Sway Group CEO Danielle Wiley’s latest guest column focuses on marketing to Gen Z on Snapchat. In addition to her professional background and expertise in social media evolution and marketing, Danielle shares real-life insight from her 13-year old daughter on Snapchat usage and industry theories. The thought piece was recently featured on Adweek’s Social Times blog. Below is an excerpt.
“Snapchat offers real-time connection with fleeting images, allowing users more freedom of expression. It’s a way to escape the curated content of other social platforms, and with a close circle of trusted followers, users don’t worry about broadcasting a perfect lifestyle. There is also no expectation for engagement as the platform doesn’t contain an option for likes, shares or comments. Snapchat invites users to be real and show their true selves with more casual and everyday communication. (My thirteen-year-old daughter and her friends use Snapchat to send funny faces while sitting in study hall, in the car, or any other point of rest during their day.) Snapchat is a noncommittal way to connect, but also truly intimate. By sharing the commonplace, users experience an ambient awareness of each other’s lives. Another interest aspect is that it’s not necessarily used to expand your social circle. Snapchat is primarily used to connect with those with whom you are already close (and perhaps to follow influencers you admire).
Without the easily available engagement metrics of a Pinterest or a Twitter, some marketers have dismissed Snapchat as a communications vehicle. However, there is a huge opportunity for lifestyle brands, especially those that appeal to the younger millennial or Gen Z demographic.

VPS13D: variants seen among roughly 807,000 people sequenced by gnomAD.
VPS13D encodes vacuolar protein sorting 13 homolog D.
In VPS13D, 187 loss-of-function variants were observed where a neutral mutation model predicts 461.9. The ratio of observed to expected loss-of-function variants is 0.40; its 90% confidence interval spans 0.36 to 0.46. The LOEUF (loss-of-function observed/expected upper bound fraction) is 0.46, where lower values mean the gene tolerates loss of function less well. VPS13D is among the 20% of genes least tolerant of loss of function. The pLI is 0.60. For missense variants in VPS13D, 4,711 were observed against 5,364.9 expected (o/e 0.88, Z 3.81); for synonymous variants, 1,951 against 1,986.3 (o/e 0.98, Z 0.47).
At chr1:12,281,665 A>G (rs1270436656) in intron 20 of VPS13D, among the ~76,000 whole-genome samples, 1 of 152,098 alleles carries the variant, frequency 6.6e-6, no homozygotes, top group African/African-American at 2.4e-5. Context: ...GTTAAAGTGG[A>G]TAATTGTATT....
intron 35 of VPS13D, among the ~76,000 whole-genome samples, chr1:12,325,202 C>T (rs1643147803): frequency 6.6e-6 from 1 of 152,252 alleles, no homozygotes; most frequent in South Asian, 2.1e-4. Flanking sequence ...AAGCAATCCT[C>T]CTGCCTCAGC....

Snapchat is designed for mobile viewing, and as a result for teens who exclusively communicate via mobile. By decreasing image size and solving the text message delay teens so frequently lament, Snapchat has won their attention with a more instantaneous back and forth conversation. Email also feels antiquated to this demographic, making Snapchat’s notification feature a valuable interruption into a user’s day. (Parents of teens will relate to this. I ALWAYS have to text or Snapchat my daughter to alert her to an email in her inbox. For most teens, email serves just two functions; tracking of ecommerce orders and sending messages to teachers.)
Discover is Snapchat’s first foray into the marketing arena with publications beginning to experiment with digestible content that disappears after 24 hours. Those that offer short, fun anecdotes or are driven by celebrity news are shining. Others are still finding their way, as evidenced through long, feature recipes that offer no ability to save or print and are therefore rendered useless. Marketers need to take into account the attention span of their audience and the lifespan of their content before engaging.”
The full article can be read here and gives tangible takeaways for brands seeking to engage on Snapchat. For more information on marketing to Gen Z, contact us to evaluate the right platforms for your goals.